A Revel Trifecta

Late last month I visited the Harman research facility to compare three Revel floor-standing speakers: the Performa3 F208 ($5000/pair), the Performa3 F206 ($3500/pair), and the more upscale Ultima2 Studio2 ($15,000/pair). The venue was Harman's Multichannel Listening Lab, or MLL.

If you're a long-time reader of this and other audio magazines and websites you may have heard about this facility before. To our knowledge there's nothing else like it in the world. Built in the 1990s, it begins with acoustically optimized room, but there's much more to it than that. Positioned behind acoustically transparent curtains is the unique motorized structure visible in the above photo (shown here with the cloth screen pulled aside). When a signal to change speakers is received, the speaker currently in position slides back and the selected speaker comes forward and slides over into the position previously occupied by the first. The entire process, accompanied by the swooshing sound of the sliding palettes, takes roughly five seconds. The acceleration is so rapid that if the speakers weren't solidly secured to their palettes they'd topple over!

You'll notice that only one of each speaker is shown here. That's because at some point after the lab was built (and in contradiction to its name), Harman researchers, led at the time by Dr. Floyd Toole, determined that mono auditioning better revealed a speaker's basic quality. This was important to the R&D process— the major application for such an elaborate, expensive installation.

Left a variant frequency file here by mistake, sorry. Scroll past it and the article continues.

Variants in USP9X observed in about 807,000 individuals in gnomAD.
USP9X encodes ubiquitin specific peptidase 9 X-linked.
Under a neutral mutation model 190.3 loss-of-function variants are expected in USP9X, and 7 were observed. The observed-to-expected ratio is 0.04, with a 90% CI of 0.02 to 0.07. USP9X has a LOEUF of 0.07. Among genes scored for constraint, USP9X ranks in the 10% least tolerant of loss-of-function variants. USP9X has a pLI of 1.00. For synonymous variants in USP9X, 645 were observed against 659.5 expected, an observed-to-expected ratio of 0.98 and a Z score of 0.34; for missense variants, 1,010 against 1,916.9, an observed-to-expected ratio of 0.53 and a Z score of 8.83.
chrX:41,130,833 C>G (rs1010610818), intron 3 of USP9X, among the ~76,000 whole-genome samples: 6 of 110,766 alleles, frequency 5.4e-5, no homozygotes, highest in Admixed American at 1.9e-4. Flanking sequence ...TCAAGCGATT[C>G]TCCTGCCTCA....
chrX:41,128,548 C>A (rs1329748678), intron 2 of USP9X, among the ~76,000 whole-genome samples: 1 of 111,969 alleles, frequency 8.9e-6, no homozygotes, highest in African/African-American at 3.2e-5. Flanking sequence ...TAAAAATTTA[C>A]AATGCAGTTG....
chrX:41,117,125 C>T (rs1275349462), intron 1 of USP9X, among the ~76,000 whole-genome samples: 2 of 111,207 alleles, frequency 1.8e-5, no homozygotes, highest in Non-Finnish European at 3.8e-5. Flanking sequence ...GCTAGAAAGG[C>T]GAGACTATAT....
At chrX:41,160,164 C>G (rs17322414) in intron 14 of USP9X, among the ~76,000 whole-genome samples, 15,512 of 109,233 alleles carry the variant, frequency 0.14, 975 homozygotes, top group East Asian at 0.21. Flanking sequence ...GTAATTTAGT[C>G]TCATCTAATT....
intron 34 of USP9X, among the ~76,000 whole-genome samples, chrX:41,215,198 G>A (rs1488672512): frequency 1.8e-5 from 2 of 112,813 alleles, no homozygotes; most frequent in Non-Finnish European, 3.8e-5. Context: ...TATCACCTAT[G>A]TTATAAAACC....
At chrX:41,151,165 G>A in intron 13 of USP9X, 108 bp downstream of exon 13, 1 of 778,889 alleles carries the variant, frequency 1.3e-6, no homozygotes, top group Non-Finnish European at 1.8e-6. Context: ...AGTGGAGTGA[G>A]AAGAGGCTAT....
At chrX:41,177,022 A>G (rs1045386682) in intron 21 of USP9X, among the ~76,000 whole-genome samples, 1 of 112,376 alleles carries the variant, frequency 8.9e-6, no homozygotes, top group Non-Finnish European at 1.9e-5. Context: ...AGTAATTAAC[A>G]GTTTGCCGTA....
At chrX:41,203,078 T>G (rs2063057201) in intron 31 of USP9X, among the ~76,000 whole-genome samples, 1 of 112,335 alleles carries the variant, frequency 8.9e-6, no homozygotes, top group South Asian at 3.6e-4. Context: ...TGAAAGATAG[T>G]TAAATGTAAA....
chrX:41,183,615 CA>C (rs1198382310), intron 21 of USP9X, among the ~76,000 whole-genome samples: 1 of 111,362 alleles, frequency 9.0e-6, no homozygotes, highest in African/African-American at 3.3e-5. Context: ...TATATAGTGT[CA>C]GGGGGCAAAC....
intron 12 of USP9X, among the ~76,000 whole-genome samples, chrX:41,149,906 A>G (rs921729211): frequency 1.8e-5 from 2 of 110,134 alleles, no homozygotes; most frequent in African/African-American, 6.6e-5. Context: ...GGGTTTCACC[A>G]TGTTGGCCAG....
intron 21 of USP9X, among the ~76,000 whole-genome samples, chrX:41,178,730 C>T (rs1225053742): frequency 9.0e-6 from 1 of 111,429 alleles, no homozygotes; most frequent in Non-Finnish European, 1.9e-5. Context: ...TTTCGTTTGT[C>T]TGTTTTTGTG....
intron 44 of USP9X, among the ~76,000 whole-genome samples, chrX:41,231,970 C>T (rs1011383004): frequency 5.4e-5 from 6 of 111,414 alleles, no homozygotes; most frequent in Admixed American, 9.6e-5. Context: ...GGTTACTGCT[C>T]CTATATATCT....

One problem with mono auditioning is that there's little genuinely mono program material. You can't simply blend the left and right channels of a stereo recording together. Most 2-chanel recordings are produced with spaced microphones, recorded on multiple tracks, and later mixed down to "stereo." This produces intra-channel phase differences that will not combine cleanly to mono. For that reason only one channel of stereo recordings are typically used in the MLL tests, though the facility's capacity for stereo testing remains.

The music for the tests is ripped onto a server in short clips. These are repeated as long as the listener (or listeners) desire, while he or she switches between speakers as desired (the latter can also be done at the tester's volition, depending on the ground rules for the test). When the listener (or the tester) is ready, the test moves on to the next music selection. I retained full control over when to switch to a different speaker and when to move on to the next music selection.